Much Ado About Nothing
Act I, Scene 3
A hall in Leonato’s house.
- Enter Don John the Bastard and Conrade, his companion.
Conrade1 - 2
- What the good-year, my lord, why are you thus out of measure
Don John3 - 4
- There is no measure in the occasion that breeds, therefore
- the sadness is without limit.
- You should hear reason.
- And when I have heard it, what blessing brings it?
- If not a present remedy, at least a patient sufferance.
Don John8 - 14
- I wonder that thou (being, as thou say’st thou art, born
- under Saturn) goest about to apply a moral medicine to a
- mortifying mischief. I cannot hide what I am: I must be sad
- when I have cause, and smile at no man’s jests; eat when I
- have stomach, and wait for no man’s leisure; sleep when I am
- drowsy, and tend on no man’s business; laugh when I am
- merry, and claw no man in his humor.
Conrade15 - 20
- Yea, but you must not make the full show of this till you
- may do it without controlment. You have of late stood out
- against your brother, and he hath ta’en you newly into his
- grace, where it is impossible you should take true root but
- by the fair weather that you make yourself. It is needful
- that you frame the season for your own harvest.
Don John21 - 30
- I had rather be a canker in a hedge than a rose in his
- grace, and it better fits my blood to be disdain’d of all
- than to fashion a carriage to rob love from any. In this
- (though I cannot be said to be a flattering honest man) it
- must not be denied but I am a plain-dealing villain. I am
- trusted with a muzzle, and enfranchis’d with a clog,
- therefore I have decreed not to sing in my cage. If I had my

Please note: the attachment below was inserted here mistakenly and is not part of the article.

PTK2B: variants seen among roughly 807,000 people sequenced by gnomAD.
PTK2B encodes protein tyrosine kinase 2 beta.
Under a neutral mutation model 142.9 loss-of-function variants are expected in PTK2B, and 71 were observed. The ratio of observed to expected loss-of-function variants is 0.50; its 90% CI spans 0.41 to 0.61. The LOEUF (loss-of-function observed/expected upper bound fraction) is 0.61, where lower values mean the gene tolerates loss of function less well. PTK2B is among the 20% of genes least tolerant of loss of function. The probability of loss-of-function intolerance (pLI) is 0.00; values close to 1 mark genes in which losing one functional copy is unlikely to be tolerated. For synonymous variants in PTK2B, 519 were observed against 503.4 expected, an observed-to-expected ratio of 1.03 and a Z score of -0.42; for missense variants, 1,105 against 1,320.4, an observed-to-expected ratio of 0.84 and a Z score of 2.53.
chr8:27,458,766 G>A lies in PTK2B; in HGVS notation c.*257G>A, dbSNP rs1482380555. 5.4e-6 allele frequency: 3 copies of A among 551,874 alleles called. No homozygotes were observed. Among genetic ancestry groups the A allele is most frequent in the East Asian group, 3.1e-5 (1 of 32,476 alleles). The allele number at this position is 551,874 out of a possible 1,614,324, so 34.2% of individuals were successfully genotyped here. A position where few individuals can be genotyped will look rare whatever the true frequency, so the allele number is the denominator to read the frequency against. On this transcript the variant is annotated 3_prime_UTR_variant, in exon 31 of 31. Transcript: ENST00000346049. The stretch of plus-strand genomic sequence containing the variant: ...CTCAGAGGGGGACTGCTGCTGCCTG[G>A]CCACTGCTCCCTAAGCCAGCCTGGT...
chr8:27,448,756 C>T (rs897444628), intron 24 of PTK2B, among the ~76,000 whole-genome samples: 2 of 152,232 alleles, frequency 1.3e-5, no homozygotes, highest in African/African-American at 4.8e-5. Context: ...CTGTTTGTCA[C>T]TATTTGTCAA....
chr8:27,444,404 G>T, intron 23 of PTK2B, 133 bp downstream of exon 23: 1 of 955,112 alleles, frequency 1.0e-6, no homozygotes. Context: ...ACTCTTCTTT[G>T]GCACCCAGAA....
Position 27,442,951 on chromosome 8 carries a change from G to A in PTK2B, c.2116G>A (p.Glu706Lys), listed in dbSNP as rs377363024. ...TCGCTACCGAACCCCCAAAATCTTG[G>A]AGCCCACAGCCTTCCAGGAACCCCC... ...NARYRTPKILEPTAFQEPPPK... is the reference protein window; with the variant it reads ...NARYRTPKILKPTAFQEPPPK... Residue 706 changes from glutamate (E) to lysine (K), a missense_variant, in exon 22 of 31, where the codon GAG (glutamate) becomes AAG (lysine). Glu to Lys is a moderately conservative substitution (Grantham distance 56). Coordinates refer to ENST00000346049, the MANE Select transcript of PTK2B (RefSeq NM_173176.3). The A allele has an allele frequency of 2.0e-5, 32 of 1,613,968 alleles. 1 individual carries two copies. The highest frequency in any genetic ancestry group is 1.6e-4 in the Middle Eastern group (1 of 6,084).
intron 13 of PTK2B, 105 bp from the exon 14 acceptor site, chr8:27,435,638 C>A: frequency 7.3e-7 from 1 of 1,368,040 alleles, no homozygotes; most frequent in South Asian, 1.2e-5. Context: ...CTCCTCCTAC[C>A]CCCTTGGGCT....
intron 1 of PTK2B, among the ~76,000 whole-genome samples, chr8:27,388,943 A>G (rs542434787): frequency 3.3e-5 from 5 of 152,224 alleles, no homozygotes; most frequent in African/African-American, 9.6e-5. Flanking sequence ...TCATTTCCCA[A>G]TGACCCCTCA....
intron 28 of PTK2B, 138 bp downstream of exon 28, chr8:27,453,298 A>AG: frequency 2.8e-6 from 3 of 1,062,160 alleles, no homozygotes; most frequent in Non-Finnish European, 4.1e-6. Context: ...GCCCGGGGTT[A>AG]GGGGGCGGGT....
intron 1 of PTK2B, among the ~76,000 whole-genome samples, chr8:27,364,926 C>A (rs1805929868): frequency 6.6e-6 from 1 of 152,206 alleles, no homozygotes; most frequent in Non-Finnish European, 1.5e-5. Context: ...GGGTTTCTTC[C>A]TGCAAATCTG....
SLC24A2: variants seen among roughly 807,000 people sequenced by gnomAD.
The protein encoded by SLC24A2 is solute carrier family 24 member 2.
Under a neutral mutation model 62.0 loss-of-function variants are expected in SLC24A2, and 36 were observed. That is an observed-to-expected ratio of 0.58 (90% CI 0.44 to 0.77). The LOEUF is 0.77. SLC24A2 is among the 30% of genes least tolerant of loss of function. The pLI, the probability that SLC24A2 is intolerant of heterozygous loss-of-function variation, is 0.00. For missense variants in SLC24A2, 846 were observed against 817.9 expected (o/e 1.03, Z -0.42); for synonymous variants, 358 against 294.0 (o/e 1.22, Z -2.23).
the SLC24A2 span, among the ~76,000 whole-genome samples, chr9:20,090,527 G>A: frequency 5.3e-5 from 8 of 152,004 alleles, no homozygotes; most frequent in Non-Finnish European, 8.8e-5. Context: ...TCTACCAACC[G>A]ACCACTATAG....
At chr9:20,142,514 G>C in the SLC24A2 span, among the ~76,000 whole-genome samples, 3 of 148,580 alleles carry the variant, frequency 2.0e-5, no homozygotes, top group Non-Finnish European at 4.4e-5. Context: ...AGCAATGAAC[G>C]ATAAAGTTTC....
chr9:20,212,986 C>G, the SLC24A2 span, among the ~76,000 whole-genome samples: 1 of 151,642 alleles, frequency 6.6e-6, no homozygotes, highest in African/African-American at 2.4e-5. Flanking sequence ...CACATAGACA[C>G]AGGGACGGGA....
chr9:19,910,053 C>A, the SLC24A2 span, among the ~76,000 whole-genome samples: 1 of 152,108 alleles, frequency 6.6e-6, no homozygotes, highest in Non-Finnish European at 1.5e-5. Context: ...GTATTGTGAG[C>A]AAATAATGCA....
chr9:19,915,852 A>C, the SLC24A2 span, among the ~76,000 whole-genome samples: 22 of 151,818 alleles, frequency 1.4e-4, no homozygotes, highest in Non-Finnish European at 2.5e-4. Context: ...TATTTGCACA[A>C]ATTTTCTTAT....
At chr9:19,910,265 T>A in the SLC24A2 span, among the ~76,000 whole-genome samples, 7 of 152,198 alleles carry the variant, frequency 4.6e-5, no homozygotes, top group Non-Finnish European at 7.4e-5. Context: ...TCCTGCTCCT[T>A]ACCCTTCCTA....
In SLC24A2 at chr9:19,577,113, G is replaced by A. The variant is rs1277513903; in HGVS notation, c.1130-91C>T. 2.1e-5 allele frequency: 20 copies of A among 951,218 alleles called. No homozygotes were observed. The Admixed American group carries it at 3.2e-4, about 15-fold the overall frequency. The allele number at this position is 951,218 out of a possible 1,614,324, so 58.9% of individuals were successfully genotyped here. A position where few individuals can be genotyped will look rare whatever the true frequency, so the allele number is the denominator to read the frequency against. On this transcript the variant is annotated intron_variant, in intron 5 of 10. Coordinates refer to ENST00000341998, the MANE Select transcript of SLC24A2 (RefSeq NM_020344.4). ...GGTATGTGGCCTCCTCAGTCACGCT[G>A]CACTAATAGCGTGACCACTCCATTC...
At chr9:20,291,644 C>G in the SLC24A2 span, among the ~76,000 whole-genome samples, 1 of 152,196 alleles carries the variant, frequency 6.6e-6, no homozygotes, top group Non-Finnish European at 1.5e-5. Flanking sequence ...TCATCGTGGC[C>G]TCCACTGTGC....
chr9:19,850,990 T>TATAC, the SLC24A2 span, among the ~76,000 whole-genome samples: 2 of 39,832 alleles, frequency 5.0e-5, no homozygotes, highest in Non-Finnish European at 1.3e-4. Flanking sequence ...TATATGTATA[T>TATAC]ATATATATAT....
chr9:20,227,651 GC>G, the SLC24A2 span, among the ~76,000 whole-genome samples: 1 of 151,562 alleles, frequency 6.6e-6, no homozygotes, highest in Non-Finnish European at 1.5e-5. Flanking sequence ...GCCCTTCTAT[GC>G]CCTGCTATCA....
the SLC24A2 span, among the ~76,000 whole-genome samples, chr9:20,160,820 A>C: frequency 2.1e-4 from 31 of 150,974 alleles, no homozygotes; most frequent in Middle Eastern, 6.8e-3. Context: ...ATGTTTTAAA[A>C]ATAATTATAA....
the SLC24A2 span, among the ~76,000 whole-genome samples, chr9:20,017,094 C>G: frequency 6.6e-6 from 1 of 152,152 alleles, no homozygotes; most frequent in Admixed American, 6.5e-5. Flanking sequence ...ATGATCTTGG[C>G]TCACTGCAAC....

- mouth, I would bite; if I had my liberty, I would do my
- liking. In the mean time let me be that I am, and seek not
- to alter me.
- Can you make no use of your discontent?
Don John32 - 33
- I make all use of it, for I use it only. Who comes here?
- Enter Borachio.
- What news, Borachio?
Borachio34 - 36
- I came yonder from a great supper. The Prince your brother
- is royally entertain’d by Leonato, and I can give you
- intelligence of an intended marriage.
Don John37 - 38
- Will it serve for any model to build mischief on? What is he
- for a fool that betroths himself to unquietness?
- Marry, it is your brother’s right hand.
- Who, the most exquisite Claudio?
- Even he.
- A proper squire! And who, and who? Which way looks he?
- Marry, one Hero, the daughter and heir of Leonato.
- A very forward March-chick! How came you to this?
Borachio45 - 49
- Being entertain’d for a perfumer, as I was smoking a musty
- room, comes me the Prince and Claudio, hand in hand in sad
- conference. I whipt me behind the arras, and there heard it
- agreed upon that the Prince should woo Hero for himself, and
- having obtain’d her, give her to Count Claudio.
Don John50 - 53
- Come, come, let us thither, this may prove food to my
- displeasure. That young start-up hath all the glory of my
- overthrow. If I can cross him any way, I bless myself every
- way. You are both sure, and will assist me?
- To the death, my lord.
Don John55 - 57
- Let us to the great supper, their cheer is the greater that
- I am subdu’d. Would the cook were a’ my mind! Shall we go
- prove what’s to be done?
- We’ll wait upon your lordship.